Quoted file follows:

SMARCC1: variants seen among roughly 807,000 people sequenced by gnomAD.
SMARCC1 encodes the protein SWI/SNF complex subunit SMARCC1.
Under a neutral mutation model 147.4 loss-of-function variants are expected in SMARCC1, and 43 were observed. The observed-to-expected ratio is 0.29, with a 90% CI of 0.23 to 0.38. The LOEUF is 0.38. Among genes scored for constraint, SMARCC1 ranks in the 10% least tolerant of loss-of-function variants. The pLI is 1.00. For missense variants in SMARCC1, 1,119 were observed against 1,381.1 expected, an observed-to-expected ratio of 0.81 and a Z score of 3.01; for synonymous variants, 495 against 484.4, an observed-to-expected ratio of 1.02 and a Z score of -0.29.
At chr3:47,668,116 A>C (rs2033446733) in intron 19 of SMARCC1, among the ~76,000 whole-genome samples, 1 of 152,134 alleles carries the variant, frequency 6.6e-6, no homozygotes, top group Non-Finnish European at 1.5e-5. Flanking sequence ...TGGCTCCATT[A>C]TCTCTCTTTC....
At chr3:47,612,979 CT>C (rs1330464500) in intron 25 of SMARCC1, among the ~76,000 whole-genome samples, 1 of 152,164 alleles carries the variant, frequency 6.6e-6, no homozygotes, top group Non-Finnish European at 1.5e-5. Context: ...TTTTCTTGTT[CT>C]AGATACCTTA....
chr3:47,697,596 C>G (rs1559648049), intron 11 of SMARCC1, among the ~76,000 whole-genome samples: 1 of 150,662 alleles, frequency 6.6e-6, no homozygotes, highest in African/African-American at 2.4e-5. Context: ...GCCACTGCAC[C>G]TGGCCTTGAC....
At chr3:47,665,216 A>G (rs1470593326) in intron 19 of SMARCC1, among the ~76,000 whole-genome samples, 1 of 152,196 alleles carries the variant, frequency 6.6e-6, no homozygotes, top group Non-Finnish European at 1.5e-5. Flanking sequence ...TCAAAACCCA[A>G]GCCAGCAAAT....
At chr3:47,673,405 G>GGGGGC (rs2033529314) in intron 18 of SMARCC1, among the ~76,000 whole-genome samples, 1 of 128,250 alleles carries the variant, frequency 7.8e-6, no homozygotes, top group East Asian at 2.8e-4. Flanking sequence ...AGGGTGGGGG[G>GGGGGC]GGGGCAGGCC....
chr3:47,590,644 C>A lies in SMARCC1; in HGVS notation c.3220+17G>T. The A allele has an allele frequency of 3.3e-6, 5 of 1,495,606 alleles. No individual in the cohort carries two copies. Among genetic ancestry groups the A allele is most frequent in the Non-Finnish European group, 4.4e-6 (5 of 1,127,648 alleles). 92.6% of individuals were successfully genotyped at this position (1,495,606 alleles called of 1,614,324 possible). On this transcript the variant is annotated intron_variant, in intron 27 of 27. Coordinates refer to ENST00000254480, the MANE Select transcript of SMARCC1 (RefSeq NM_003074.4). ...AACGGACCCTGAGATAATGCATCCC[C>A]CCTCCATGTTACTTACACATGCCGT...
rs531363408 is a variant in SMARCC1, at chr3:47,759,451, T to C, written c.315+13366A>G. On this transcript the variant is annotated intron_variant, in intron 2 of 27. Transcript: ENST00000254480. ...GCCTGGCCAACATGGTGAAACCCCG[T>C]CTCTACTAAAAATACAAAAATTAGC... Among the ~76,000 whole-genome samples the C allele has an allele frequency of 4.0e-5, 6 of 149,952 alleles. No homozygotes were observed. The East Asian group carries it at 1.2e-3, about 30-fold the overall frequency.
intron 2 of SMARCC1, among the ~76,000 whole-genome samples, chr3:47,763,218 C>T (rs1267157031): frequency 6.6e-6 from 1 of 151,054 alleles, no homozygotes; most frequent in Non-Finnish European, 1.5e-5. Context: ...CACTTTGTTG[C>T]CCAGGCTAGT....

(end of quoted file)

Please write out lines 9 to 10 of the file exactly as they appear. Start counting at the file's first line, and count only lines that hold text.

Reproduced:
chr3:47,590,644 C>A lies in SMARCC1; in HGVS notation c.3220+17G>T. The A allele has an allele frequency of 3.3e-6, 5 of 1,495,606 alleles. No individual in the cohort carries two copies. Among genetic ancestry groups the A allele is most frequent in the Non-Finnish European group, 4.4e-6 (5 of 1,127,648 alleles). 92.6% of individuals were successfully genotyped at this position (1,495,606 alleles called of 1,614,324 possible). On this transcript the variant is annotated intron_variant, in intron 27 of 27. Coordinates refer to ENST00000254480, the MANE Select transcript of SMARCC1 (RefSeq NM_003074.4). ...AACGGACCCTGAGATAATGCATCCC[C>A]CCTCCATGTTACTTACACATGCCGT...
rs531363408 is a variant in SMARCC1, at chr3:47,759,451, T to C, written c.315+13366A>G. On this transcript the variant is annotated intron_variant, in intron 2 of 27. Transcript: ENST00000254480. ...GCCTGGCCAACATGGTGAAACCCCG[T>C]CTCTACTAAAAATACAAAAATTAGC... Among the ~76,000 whole-genome samples the C allele has an allele frequency of 4.0e-5, 6 of 149,952 alleles. No homozygotes were observed. The East Asian group carries it at 1.2e-3, about 30-fold the overall frequency.